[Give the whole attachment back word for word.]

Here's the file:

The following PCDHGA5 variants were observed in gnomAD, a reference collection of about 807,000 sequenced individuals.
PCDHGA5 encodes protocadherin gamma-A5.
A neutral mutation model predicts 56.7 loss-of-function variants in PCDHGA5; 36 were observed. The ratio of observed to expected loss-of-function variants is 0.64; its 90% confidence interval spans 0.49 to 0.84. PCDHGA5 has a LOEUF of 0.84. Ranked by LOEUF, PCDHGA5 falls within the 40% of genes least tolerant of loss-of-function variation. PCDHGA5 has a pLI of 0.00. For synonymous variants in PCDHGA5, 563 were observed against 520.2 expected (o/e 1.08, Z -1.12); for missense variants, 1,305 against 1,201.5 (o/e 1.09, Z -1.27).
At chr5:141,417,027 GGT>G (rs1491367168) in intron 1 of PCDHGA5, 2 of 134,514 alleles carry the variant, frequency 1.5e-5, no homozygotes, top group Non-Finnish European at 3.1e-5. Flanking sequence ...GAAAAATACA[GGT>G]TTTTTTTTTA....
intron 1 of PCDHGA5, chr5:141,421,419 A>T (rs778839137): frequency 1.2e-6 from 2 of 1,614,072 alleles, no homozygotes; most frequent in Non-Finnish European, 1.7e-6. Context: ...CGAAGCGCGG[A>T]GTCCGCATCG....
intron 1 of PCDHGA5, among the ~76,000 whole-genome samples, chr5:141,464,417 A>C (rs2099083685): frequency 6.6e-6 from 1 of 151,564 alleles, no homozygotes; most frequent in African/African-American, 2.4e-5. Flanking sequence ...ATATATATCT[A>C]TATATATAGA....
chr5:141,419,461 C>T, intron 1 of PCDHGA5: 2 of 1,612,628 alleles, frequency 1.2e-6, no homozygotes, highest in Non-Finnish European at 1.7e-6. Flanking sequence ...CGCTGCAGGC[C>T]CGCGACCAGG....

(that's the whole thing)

The following PCDHGA5 variants were observed in gnomAD, a reference collection of about 807,000 sequenced individuals.
PCDHGA5 encodes protocadherin gamma-A5.
A neutral mutation model predicts 56.7 loss-of-function variants in PCDHGA5; 36 were observed. The ratio of observed to expected loss-of-function variants is 0.64; its 90% confidence interval spans 0.49 to 0.84. PCDHGA5 has a LOEUF of 0.84. Ranked by LOEUF, PCDHGA5 falls within the 40% of genes least tolerant of loss-of-function variation. PCDHGA5 has a pLI of 0.00. For synonymous variants in PCDHGA5, 563 were observed against 520.2 expected (o/e 1.08, Z -1.12); for missense variants, 1,305 against 1,201.5 (o/e 1.09, Z -1.27).
At chr5:141,417,027 GGT>G (rs1491367168) in intron 1 of PCDHGA5, 2 of 134,514 alleles carry the variant, frequency 1.5e-5, no homozygotes, top group Non-Finnish European at 3.1e-5. Flanking sequence ...GAAAAATACA[GGT>G]TTTTTTTTTA....
intron 1 of PCDHGA5, chr5:141,421,419 A>T (rs778839137): frequency 1.2e-6 from 2 of 1,614,072 alleles, no homozygotes; most frequent in Non-Finnish European, 1.7e-6. Context: ...CGAAGCGCGG[A>T]GTCCGCATCG....
intron 1 of PCDHGA5, among the ~76,000 whole-genome samples, chr5:141,464,417 A>C (rs2099083685): frequency 6.6e-6 from 1 of 151,564 alleles, no homozygotes; most frequent in African/African-American, 2.4e-5. Flanking sequence ...ATATATATCT[A>C]TATATATAGA....
chr5:141,419,461 C>T, intron 1 of PCDHGA5: 2 of 1,612,628 alleles, frequency 1.2e-6, no homozygotes, highest in Non-Finnish European at 1.7e-6. Flanking sequence ...CGCTGCAGGC[C>T]CGCGACCAGG....